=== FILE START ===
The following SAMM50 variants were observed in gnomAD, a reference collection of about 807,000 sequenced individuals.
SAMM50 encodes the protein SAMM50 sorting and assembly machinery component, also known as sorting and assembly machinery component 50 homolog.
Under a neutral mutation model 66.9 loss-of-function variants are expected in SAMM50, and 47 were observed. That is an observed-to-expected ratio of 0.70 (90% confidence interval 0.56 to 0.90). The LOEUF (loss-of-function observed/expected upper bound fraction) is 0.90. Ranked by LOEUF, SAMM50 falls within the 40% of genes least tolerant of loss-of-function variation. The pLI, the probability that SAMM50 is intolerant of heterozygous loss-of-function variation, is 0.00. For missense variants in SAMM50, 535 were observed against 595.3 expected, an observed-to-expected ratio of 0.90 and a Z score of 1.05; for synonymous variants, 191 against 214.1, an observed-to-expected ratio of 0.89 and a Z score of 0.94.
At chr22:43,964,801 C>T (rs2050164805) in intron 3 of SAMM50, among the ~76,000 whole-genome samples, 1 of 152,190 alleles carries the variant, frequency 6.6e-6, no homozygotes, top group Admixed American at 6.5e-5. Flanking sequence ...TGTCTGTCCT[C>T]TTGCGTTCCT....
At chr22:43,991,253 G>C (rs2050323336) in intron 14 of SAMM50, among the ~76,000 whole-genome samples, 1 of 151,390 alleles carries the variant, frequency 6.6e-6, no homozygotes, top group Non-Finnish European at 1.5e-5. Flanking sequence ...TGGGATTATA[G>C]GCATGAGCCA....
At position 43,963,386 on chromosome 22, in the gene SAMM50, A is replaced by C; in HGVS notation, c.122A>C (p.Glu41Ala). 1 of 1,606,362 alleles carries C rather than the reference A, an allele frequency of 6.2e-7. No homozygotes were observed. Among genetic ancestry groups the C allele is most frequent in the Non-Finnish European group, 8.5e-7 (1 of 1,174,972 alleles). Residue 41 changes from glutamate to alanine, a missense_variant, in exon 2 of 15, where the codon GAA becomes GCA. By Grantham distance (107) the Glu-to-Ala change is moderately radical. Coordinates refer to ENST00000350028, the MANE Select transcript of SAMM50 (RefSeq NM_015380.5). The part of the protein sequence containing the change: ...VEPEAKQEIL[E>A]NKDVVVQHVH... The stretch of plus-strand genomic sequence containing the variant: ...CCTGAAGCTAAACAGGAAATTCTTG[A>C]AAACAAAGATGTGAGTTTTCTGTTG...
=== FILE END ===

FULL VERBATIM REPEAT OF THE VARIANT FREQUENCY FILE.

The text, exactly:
The following SAMM50 variants were observed in gnomAD, a reference collection of about 807,000 sequenced individuals.
SAMM50 encodes the protein SAMM50 sorting and assembly machinery component, also known as sorting and assembly machinery component 50 homolog.
Under a neutral mutation model 66.9 loss-of-function variants are expected in SAMM50, and 47 were observed. That is an observed-to-expected ratio of 0.70 (90% confidence interval 0.56 to 0.90). The LOEUF (loss-of-function observed/expected upper bound fraction) is 0.90. Ranked by LOEUF, SAMM50 falls within the 40% of genes least tolerant of loss-of-function variation. The pLI, the probability that SAMM50 is intolerant of heterozygous loss-of-function variation, is 0.00. For missense variants in SAMM50, 535 were observed against 595.3 expected, an observed-to-expected ratio of 0.90 and a Z score of 1.05; for synonymous variants, 191 against 214.1, an observed-to-expected ratio of 0.89 and a Z score of 0.94.
At chr22:43,964,801 C>T (rs2050164805) in intron 3 of SAMM50, among the ~76,000 whole-genome samples, 1 of 152,190 alleles carries the variant, frequency 6.6e-6, no homozygotes, top group Admixed American at 6.5e-5. Flanking sequence ...TGTCTGTCCT[C>T]TTGCGTTCCT....
At chr22:43,991,253 G>C (rs2050323336) in intron 14 of SAMM50, among the ~76,000 whole-genome samples, 1 of 151,390 alleles carries the variant, frequency 6.6e-6, no homozygotes, top group Non-Finnish European at 1.5e-5. Flanking sequence ...TGGGATTATA[G>C]GCATGAGCCA....
At position 43,963,386 on chromosome 22, in the gene SAMM50, A is replaced by C; in HGVS notation, c.122A>C (p.Glu41Ala). 1 of 1,606,362 alleles carries C rather than the reference A, an allele frequency of 6.2e-7. No homozygotes were observed. Among genetic ancestry groups the C allele is most frequent in the Non-Finnish European group, 8.5e-7 (1 of 1,174,972 alleles). Residue 41 changes from glutamate to alanine, a missense_variant, in exon 2 of 15, where the codon GAA becomes GCA. By Grantham distance (107) the Glu-to-Ala change is moderately radical. Coordinates refer to ENST00000350028, the MANE Select transcript of SAMM50 (RefSeq NM_015380.5). The part of the protein sequence containing the change: ...VEPEAKQEIL[E>A]NKDVVVQHVH... The stretch of plus-strand genomic sequence containing the variant: ...CCTGAAGCTAAACAGGAAATTCTTG[A>C]AAACAAAGATGTGAGTTTTCTGTTG...